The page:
Elsewhere in the A-10, don’t sleep on the Billikens. St. Louis finished 23-8 last season and now brings back its top eight scorers, including four who averaged double figures.

The veteran trio of Jordan Goodwin, Javonte Perkins and Hasahn French will be a tough matchup for most teams. But don’t forget about Gibson Jimerson, who had a promising freshman season interrupted by a broken foot. He’ll come back healthy this season and help give the Billikens arguably the deepest team in the Atlantic-10.

Loyola Chicago Ramblers

It was always going to be difficult for the Ramblers to live up to their Final Four run in 2018. But they still managed to finish 21-11 last season, finishing second in the Missouri Valley. They’ll bring back five starters, including a few contributors from the Final Four team.

Of course, the player to watch is center Cameron Krutwig. He was among the top-five scorers, rebounders and assisters in the Missouri Valley last season. Needless to say, he’s one of the most versatile and skilled big men in the country and an early favorite for Player of the Year in the Missouri Valley.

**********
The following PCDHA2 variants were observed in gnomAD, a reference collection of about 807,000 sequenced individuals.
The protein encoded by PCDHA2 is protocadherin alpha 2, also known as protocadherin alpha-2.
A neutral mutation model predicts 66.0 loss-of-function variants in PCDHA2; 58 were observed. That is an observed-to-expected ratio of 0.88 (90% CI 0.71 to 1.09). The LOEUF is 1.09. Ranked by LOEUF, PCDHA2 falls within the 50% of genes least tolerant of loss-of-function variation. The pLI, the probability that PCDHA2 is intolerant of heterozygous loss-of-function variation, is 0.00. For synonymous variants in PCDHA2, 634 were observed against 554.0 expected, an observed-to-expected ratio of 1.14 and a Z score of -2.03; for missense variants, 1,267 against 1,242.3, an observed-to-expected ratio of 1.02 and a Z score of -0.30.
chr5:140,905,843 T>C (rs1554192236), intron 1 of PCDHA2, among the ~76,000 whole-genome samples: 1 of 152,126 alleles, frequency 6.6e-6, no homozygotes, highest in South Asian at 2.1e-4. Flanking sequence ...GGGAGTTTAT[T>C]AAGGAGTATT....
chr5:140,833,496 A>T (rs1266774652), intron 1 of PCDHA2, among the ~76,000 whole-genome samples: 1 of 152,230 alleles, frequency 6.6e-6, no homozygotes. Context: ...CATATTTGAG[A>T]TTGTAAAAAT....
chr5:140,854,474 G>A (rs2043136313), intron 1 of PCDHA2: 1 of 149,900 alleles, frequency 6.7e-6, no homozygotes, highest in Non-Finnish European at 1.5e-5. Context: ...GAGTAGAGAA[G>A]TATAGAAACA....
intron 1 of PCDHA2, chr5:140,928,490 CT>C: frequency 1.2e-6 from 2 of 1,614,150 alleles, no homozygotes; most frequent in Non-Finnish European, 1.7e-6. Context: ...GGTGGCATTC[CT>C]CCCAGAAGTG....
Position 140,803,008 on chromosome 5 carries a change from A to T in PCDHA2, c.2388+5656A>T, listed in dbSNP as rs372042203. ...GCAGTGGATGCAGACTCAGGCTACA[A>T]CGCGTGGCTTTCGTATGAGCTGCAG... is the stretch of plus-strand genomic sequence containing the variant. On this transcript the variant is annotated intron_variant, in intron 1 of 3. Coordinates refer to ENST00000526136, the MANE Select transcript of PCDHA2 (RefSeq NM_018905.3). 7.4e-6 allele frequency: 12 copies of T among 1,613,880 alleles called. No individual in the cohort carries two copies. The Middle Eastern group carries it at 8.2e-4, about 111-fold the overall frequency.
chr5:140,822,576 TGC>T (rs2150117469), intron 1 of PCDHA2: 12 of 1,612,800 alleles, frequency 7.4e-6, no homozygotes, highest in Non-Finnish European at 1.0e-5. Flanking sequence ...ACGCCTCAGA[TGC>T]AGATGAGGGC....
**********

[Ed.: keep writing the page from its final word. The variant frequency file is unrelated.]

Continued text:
With a strong and experienced supporting cast around Krutwig, Loyola is perhaps better than they were in 2018, which will make them a dangerous team in March.

Northern Iowa Panthers

The Panthers are usually near the top of the Missouri Valley Standings, and this year will be no different.

A.J. Green and Trae Berhow are both outstanding outside shooters while Austin Phyfe gives UNI a legitimate post presence. That trio combined for over 42 points per game last season and gives the Panthers an amazing foundation to build upon this year.

They’ll lock horns with Loyola Chicago and a few other solid teams in the MVC, but Northern Iowa has the ingredients to be a Sweet 16 candidate in March.

UNC Greensboro Spartans

Furman has received a lot of attention in the SoCon recently, but it could be the Spartans who make waves this season.

Point guard Isaiah Miller can do it all, leading the team in points, assists and steals last season while being Greensboro’s second-best rebounder despite being just six-feet tall. He has a legitimate chance to play in the NBA after this season and will have a good running mate in Kaleb Hunter.

The Spartans need better outside shooting than last year and will get plenty of competition from Furman and East Tennessee. But if they can survive the SoCon and get to the Big Dance, they’ll be a team that nobody wants to see in the first round.

San Diego State Aztecs

Much like Gonzaga, it’s hard to classify San Diego State as a mid-major, but the Mountain West isn’t exactly a power conference.